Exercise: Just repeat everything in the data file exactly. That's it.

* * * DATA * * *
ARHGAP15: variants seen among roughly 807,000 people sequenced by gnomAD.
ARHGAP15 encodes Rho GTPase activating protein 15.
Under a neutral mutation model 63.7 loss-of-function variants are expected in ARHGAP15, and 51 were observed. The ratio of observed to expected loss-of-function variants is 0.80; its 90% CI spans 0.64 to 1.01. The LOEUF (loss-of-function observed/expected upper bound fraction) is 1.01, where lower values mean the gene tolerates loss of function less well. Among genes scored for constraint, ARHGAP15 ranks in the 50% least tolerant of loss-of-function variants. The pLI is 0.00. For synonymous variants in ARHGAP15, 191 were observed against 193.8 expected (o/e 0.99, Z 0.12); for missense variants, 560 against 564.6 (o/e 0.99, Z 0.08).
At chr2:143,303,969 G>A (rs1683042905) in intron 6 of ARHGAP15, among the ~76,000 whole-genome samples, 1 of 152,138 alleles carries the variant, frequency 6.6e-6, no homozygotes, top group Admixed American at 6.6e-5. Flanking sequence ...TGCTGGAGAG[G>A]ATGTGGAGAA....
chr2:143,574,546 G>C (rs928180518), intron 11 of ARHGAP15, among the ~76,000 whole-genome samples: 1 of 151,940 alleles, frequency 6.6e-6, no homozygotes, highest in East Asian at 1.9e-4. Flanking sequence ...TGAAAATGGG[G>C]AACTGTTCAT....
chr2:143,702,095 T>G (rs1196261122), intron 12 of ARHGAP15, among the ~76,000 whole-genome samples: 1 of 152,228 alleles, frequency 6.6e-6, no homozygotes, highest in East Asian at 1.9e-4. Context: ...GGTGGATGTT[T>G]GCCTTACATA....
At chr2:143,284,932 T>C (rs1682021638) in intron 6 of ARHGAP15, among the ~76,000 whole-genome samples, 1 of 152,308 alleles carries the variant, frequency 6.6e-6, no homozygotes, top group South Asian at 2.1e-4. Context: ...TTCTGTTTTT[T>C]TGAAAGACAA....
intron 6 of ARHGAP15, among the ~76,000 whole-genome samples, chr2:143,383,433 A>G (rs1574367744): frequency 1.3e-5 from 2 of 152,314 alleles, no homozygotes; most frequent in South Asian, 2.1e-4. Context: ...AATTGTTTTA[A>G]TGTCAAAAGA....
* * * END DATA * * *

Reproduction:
ARHGAP15: variants seen among roughly 807,000 people sequenced by gnomAD.
ARHGAP15 encodes Rho GTPase activating protein 15.
Under a neutral mutation model 63.7 loss-of-function variants are expected in ARHGAP15, and 51 were observed. The ratio of observed to expected loss-of-function variants is 0.80; its 90% CI spans 0.64 to 1.01. The LOEUF (loss-of-function observed/expected upper bound fraction) is 1.01, where lower values mean the gene tolerates loss of function less well. Among genes scored for constraint, ARHGAP15 ranks in the 50% least tolerant of loss-of-function variants. The pLI is 0.00. For synonymous variants in ARHGAP15, 191 were observed against 193.8 expected (o/e 0.99, Z 0.12); for missense variants, 560 against 564.6 (o/e 0.99, Z 0.08).
At chr2:143,303,969 G>A (rs1683042905) in intron 6 of ARHGAP15, among the ~76,000 whole-genome samples, 1 of 152,138 alleles carries the variant, frequency 6.6e-6, no homozygotes, top group Admixed American at 6.6e-5. Flanking sequence ...TGCTGGAGAG[G>A]ATGTGGAGAA....
chr2:143,574,546 G>C (rs928180518), intron 11 of ARHGAP15, among the ~76,000 whole-genome samples: 1 of 151,940 alleles, frequency 6.6e-6, no homozygotes, highest in East Asian at 1.9e-4. Flanking sequence ...TGAAAATGGG[G>C]AACTGTTCAT....
chr2:143,702,095 T>G (rs1196261122), intron 12 of ARHGAP15, among the ~76,000 whole-genome samples: 1 of 152,228 alleles, frequency 6.6e-6, no homozygotes, highest in East Asian at 1.9e-4. Context: ...GGTGGATGTT[T>G]GCCTTACATA....
At chr2:143,284,932 T>C (rs1682021638) in intron 6 of ARHGAP15, among the ~76,000 whole-genome samples, 1 of 152,308 alleles carries the variant, frequency 6.6e-6, no homozygotes, top group South Asian at 2.1e-4. Context: ...TTCTGTTTTT[T>C]TGAAAGACAA....
intron 6 of ARHGAP15, among the ~76,000 whole-genome samples, chr2:143,383,433 A>G (rs1574367744): frequency 1.3e-5 from 2 of 152,314 alleles, no homozygotes; most frequent in South Asian, 2.1e-4. Context: ...AATTGTTTTA[A>G]TGTCAAAAGA....